Advocates say the ongoing COVID-19 public health crisis makes it especially more important to maintain criminal justice reforms to not expose mostly black and brown poor people to coronavirus in jail. Some young women shared their suffering from having family members incarcerated, some suffering from untreated mental illness who may be held on drug charges or other felonies.
Monifa Bandele, of MomsRising, said pre-trial incarceration was “a senseless breaking up of families.”
“This was going o for a long time and that system has not worked,” Bandele said. “This is showing there is no value on human life, and we need to put value on it. It is a state-wide issue and the narrative is not what people see.”
The attempts to change the bail reform laws have caused a rift within the democratic party, some elected officials fear to look weak on crime. Republicans have seized on the issue, many seeking to give more discretion to judges.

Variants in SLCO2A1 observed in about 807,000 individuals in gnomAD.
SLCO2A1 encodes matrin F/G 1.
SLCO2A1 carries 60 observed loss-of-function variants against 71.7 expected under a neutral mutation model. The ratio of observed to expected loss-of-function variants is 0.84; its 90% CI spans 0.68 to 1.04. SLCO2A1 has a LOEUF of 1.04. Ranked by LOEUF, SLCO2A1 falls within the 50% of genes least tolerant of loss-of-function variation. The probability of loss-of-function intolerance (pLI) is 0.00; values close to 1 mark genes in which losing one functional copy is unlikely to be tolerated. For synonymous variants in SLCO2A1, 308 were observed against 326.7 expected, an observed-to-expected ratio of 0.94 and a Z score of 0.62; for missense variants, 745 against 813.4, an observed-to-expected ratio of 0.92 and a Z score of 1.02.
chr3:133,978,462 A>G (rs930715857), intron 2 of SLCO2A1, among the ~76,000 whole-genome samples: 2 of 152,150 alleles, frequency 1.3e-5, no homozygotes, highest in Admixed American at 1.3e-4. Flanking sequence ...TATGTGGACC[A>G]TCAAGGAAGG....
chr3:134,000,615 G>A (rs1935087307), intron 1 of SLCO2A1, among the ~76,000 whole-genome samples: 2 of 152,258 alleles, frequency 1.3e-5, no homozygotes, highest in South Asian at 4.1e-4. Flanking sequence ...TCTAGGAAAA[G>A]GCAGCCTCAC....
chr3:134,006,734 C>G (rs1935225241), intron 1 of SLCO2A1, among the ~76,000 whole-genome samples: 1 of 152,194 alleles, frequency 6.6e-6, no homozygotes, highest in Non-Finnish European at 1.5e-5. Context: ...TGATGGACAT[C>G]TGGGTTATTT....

Democratic Assemblyman Simcha Eichenstein, who represents the heavily Jewish neighborhoods of Borough Park and Midwood in Brooklyn, N.Y. Earlier this month, they introduced an amendment to bail reform that would classify hate crimes as a “qualifying offense,” giving the courts leeway to affix bail or keep in custody people charged with such incidents. (Senator Kaplan and Andrew Gounardes are co-sponsors of the bill in the State Senate.)
The bill comes as a result of a spate of hate crimes, most notably the Jersey City and Muncie shootings.
One advocate for changes to criminal justice reform is State Sen. Andrew Gounardes, who also represents parts of Brooklyn, is a lead sponsor in the state senate that focuses on hate crimes that he believes is “an easy fix to the bail-reform law.”